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Thank you, musical theater gods, for (newly-crowned MacArthur genius) Lin-Manuel Miranda. He brought us In the Heights. He brought us Bring It On. And then he went and brought us Hamilton—that most unlikely and yet, somehow, most fantabulous rap musical about America's Founding Fathers.

As if that weren't enough, he also instituted the daily #Ham4Ham lottery, which gives 21 lucky Broadway fans last-minute $10 tickets to the indefinitely sold-out Hamilton. And as if THAT weren't enough, he then decided to entertain the crowds of lottery hopefuls with daily #Ham4Ham performances at the stage door—impromptu appearances that have become events in themselves.

Why? Oh, because they tend to feature guest stars who may or may not be the biggest names on Broadway. Some of them are from the cast of Hamilton itself—like Jonathan Groff, who rapped it out with Miranda. Some of them are Great White Way legends—like Kelli O'Hara, who did her best LL Cool J. Some of them are adorable precocious children—like our friend Iain Loves Theatre, who gave us a preview of what the next Hamilton generation will look like.

But while generally rich in singing and rap-battling, the #Ham4Ham performances haven't featured much dancing. Until yesterday.

Realizing that critical oversight, Miranda invited master tapper Jared Grimes to do a little something with Broadway and TV actress Laura Benanti at last night's #Ham4Ham show. The result—which involved a tap board and a My Fair Lady classic—was, unsurprisingly, totally delightful.

Happy Thursday, everyone.

Hamilton, which had its first run at NYC’s Public Theater earlier this year, is an unlikely success story. Who would’ve guessed that a musical based on the life of founding father Alexander Hamilton would be such a hit? But thanks to the show’s creative dream team, which includes writer and composer Lin-Manuel Miranda and choreographer Andy Blankenbuehler (who worked together on In the Heights), Hamilton has become the definition of total theater domination.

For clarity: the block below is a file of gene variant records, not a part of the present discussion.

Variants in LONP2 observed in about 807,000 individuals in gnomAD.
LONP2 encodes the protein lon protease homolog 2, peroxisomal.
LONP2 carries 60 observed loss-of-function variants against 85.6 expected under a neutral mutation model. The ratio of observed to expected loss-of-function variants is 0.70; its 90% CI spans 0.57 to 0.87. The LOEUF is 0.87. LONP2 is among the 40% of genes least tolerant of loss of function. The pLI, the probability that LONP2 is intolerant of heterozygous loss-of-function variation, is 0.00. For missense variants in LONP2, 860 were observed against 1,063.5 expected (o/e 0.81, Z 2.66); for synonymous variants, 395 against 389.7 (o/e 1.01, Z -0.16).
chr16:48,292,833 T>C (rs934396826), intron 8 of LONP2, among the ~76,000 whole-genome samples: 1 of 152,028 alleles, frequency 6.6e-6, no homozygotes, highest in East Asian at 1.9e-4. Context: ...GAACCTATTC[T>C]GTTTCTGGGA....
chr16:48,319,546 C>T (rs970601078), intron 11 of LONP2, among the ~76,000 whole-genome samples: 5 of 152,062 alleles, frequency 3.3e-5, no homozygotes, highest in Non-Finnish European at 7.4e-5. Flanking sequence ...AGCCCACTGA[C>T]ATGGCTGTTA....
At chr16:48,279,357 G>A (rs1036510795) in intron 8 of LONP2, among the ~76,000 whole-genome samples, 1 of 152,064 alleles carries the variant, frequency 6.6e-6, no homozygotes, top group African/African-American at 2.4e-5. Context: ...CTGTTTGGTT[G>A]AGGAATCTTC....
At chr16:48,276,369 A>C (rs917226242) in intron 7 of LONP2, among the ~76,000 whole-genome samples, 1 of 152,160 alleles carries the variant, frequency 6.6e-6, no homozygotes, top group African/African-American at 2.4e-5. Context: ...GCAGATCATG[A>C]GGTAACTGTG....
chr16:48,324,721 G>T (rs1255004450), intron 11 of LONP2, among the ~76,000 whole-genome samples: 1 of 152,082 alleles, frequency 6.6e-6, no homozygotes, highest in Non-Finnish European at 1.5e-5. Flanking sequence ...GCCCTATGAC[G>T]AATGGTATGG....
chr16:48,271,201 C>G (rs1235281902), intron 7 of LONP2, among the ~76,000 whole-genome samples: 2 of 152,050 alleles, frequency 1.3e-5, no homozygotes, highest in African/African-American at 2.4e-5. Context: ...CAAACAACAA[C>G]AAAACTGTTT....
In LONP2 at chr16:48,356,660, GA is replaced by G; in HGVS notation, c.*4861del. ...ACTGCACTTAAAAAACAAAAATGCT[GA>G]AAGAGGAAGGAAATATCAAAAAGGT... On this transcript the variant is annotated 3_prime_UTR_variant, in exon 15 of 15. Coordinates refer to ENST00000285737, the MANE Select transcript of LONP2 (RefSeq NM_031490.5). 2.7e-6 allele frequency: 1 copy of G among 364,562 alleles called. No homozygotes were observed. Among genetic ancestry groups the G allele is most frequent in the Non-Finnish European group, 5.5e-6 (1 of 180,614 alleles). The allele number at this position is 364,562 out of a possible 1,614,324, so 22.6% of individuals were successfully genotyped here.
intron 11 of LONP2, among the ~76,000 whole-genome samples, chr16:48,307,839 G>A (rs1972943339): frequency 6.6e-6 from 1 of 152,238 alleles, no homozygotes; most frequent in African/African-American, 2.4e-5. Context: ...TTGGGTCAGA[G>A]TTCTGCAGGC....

The musical, which opens on Broadway this July, isn’t a stuffy historical account. It’s driven by hip-hop music—and Miranda’s signature raps. Here, Blankenbuehler and original cast member Sasha Hutchings discuss what makes Hamilton so special.

Lin-Manuel Miranda (center) and the cast of Hamilton (photo by Joan Marcus, courtesy Sam Rudy Media Relations)

Dance Spirit: What do you love most about this show?

Andy Blankenbuehler: It looks like the 1700s and 1800s—the characters wear period clothing—but the language is totally contemporary. Thomas Jefferson even raps against Alexander Hamilton and George Washington. There’s a level of honesty that hits people hard. And the history is relevant to today.

Sasha Hutchings: You’ll leave the theater emotionally exhausted! You’ll laugh, you’ll cry, you’ll want to jump out of your seat. People come into the show thinking they won’t relate to it—we’re used to seeing old men in white wigs telling the story of our founding fathers. But this show makes them human. The people onstage look like the people you go to school or ride the subway with.

DS: Andy, how did you develop the choreography?

AB: I wanted to make the movement realistic, and I felt I couldn’t begin with normal dance vocabulary. Instead, I started with larger ideas and went from there. For example, early on in the war, the American forces were a mess, a really ragtag group. To represent that, I never put them in unison. They’re trying to fight this war, but it isn’t coming together. The British, on the other hand, are the opposite—always in unison, never funky.

DS: What’s most challenging about Hamilton, Sasha?

SH: The ensemble’s onstage through the entire show. Sometimes we’re interacting with the characters in a scene, other times we’re directing the audience’s focus. It took a few weeks of performing to understand the stamina required.

DS: Has working on this show made you more of a history buff, or more patriotic?

AB: I definitely think I’m more patriotic. I’m admittedly a bit ignorant when it comes to politics. But now, I have more of an appreciation of our country’s building blocks.